Recipe: This tomato jam is a versatile relish, on or off the sandwich
|Tomato jam is a condiment that captures the taste of summer. (Photos: Debbie Arrington)|
Looking for a way to make summer last a little longer?
This recipe won’t add days to August, but it will extend the flavors of summer into fall and winter meals.
This relish is sweet, a little hot and very tomato. Served alongside chops or atop a burger, it will bring back memories of summer long after the last fresh tomato is picked.
Jamie Sandberg, my sister, has been making this tomato jam as an all-purpose relish for several years. The original recipe came from Charles and Rachel Kelsey, who own Cutty’s Sandwiches in Brookline, Mass. It is no ordinary sandwich shop. The Kelseys, both graduates of the Culinary Institute of America, met while working at America’s Test Kitchen. Their shop has been featured on the Food Network.
Cutty’s uses its tomato jam to give BLT’s a little more tomato depth before the best tomatoes of summer arrive, or after they’re gone. Delicious on a wide range of sandwiches, this relish also makes a tasty glaze for pork or chicken.
Makes about 1-1/2 cups
Adapted from Cutty’s
1 ½ pounds meaty tomatoes, cored and chopped
2 tablespoons fresh lemon juice
2 tablespoons cognac or brandy, optional
½ teaspoon grated fresh ginger
1 cup sugar
½ teaspoon ground cumin
¼ teaspoon crushed red pepper flakes
1 teaspoon salt
¼ teaspoon ground black pepper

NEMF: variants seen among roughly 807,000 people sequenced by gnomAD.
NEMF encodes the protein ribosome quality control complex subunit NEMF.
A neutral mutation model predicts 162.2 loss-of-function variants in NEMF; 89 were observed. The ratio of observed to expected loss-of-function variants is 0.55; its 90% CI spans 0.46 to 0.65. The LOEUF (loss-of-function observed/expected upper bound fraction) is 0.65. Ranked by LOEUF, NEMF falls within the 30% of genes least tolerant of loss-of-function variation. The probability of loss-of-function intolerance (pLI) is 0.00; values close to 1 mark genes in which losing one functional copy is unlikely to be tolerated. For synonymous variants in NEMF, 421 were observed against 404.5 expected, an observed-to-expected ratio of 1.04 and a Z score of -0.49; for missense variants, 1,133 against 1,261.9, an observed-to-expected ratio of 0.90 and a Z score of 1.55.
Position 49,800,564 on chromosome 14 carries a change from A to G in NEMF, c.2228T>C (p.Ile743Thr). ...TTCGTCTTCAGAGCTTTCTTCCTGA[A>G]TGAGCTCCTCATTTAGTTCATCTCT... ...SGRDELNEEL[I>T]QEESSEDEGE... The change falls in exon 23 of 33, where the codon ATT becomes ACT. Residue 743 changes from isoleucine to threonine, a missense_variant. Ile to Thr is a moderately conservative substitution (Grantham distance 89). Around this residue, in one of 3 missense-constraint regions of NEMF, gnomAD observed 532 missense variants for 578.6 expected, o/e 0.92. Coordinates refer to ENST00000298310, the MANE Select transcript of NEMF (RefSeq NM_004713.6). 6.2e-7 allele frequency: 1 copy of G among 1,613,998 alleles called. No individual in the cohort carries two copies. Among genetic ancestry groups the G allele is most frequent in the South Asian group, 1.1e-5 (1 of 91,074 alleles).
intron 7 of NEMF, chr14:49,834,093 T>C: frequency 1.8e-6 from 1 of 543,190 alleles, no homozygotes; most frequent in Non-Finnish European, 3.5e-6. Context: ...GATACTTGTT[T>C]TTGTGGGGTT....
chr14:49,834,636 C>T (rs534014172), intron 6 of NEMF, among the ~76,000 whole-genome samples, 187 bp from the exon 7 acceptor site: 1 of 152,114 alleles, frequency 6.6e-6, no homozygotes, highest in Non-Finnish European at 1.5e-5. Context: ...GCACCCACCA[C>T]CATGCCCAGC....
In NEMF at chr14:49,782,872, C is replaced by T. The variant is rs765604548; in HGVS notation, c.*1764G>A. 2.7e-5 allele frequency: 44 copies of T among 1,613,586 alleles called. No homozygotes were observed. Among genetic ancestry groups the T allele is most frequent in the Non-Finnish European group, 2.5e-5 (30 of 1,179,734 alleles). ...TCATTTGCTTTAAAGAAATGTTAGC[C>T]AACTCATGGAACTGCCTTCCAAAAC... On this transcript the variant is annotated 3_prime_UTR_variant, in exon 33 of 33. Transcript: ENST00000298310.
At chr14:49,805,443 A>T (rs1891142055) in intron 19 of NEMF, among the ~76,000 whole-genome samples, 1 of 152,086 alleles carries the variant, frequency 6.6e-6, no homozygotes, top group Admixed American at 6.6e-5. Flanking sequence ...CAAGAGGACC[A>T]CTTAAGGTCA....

Combine all the ingredients in a medium, heavy-bottom, non-reactive saucepan, preferably nonstick. Over medium-high heat, cook until bubbling. Reduce heat to low and simmer gently, uncovered, stirring occasionally, until thick and syrupy, about 1 hour. (As it nears proper thickness, watch carefully and stir often to prevent scorching.) Remove from heat and cool the jam to room temperature.
Store tightly covered in the refrigerator. This jam also freezes well.
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Taste Summer! E-cookbook
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Dig In: Garden Checklist
For week of Sept. 24:
This week our weather will be just right for fall gardening. What are you waiting for?
* Now is the time to plant for fall. The warm soil will get these veggies off to a fast start.
* Keep harvesting tomatoes, peppers, squash, melons and eggplant. Tomatoes may ripen faster off the vine and sitting on the kitchen counter.
* Compost annuals and vegetable crops that have finished producing.
* Cultivate and add compost to the soil to replenish its nutrients for fall and winter vegetables and flowers.
* Fertilize deciduous fruit trees.
* Plant onions, lettuce, peas, radishes, turnips, beets, carrots, bok choy, spinach and potatoes directly into the vegetable beds.
* Transplant cabbage, broccoli, kale, Brussels sprouts and cauliflower as well as lettuce seedlings.
* Sow seeds of California poppies, clarkia and African daisies.
* Transplant cool-weather annuals such as pansies, violas, fairy primroses, calendulas, stocks and snapdragons.
* Divide and replant bulbs, rhizomes and perennials. That includes bearded iris; if they haven’t bloomed in three years, it’s time to dig them up and divide their rhizomes.
* Dig up and divide daylilies as they complete their bloom cycle.
* Divide and transplant peonies that have become overcrowded. Replant with “eyes” about an inch below the soil surface.
* Late September is ideal for sowing a new lawn or re-seeding bare spots.
Taste Spring! E-cookbook